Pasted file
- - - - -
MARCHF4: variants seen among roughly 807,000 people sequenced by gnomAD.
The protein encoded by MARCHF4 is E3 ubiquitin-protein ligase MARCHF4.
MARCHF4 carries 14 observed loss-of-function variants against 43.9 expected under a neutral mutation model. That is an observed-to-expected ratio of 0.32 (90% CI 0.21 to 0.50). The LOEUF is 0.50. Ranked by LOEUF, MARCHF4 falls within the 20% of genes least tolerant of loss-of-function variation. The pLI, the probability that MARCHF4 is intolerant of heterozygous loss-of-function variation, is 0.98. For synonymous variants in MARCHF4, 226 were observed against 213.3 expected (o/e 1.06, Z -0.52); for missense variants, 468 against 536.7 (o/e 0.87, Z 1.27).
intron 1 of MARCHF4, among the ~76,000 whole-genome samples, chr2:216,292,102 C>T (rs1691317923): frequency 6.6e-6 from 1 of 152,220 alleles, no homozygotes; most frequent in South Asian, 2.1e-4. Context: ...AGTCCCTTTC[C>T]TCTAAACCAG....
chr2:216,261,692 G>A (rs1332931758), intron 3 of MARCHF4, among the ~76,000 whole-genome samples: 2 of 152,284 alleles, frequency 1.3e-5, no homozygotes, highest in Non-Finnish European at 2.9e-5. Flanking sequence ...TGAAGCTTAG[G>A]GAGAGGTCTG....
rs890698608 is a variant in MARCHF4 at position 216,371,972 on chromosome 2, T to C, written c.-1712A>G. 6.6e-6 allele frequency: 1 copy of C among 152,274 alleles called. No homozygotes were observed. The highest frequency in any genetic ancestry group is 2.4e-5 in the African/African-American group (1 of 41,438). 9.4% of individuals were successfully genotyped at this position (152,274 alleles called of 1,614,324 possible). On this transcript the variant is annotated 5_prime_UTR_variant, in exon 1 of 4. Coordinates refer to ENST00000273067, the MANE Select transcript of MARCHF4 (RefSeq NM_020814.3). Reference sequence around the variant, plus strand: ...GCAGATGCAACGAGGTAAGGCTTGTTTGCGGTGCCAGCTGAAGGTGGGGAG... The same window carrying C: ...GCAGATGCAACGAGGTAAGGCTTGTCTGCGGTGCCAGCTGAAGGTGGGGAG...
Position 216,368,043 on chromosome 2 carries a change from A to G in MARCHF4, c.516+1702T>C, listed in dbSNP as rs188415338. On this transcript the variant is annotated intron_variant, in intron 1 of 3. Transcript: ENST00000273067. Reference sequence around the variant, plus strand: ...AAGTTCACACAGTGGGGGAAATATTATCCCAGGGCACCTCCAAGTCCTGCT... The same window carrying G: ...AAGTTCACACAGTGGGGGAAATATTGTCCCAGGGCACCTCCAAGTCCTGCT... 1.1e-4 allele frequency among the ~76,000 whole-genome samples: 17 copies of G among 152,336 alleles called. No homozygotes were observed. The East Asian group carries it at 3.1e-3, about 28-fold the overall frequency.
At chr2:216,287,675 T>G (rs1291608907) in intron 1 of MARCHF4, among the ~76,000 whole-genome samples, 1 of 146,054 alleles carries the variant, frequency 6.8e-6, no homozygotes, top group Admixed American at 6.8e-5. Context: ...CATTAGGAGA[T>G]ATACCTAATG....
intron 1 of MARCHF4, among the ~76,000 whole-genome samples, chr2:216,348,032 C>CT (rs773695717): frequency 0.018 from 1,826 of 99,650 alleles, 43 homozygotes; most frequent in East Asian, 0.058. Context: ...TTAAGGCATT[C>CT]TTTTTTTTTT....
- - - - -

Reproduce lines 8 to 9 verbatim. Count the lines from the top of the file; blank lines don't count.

At chr2:216,287,675 T>G (rs1291608907) in intron 1 of MARCHF4, among the ~76,000 whole-genome samples, 1 of 146,054 alleles carries the variant, frequency 6.8e-6, no homozygotes, top group Admixed American at 6.8e-5. Context: ...CATTAGGAGA[T>G]ATACCTAATG....
intron 1 of MARCHF4, among the ~76,000 whole-genome samples, chr2:216,348,032 C>CT (rs773695717): frequency 0.018 from 1,826 of 99,650 alleles, 43 homozygotes; most frequent in East Asian, 0.058. Context: ...TTAAGGCATT[C>CT]TTTTTTTTTT....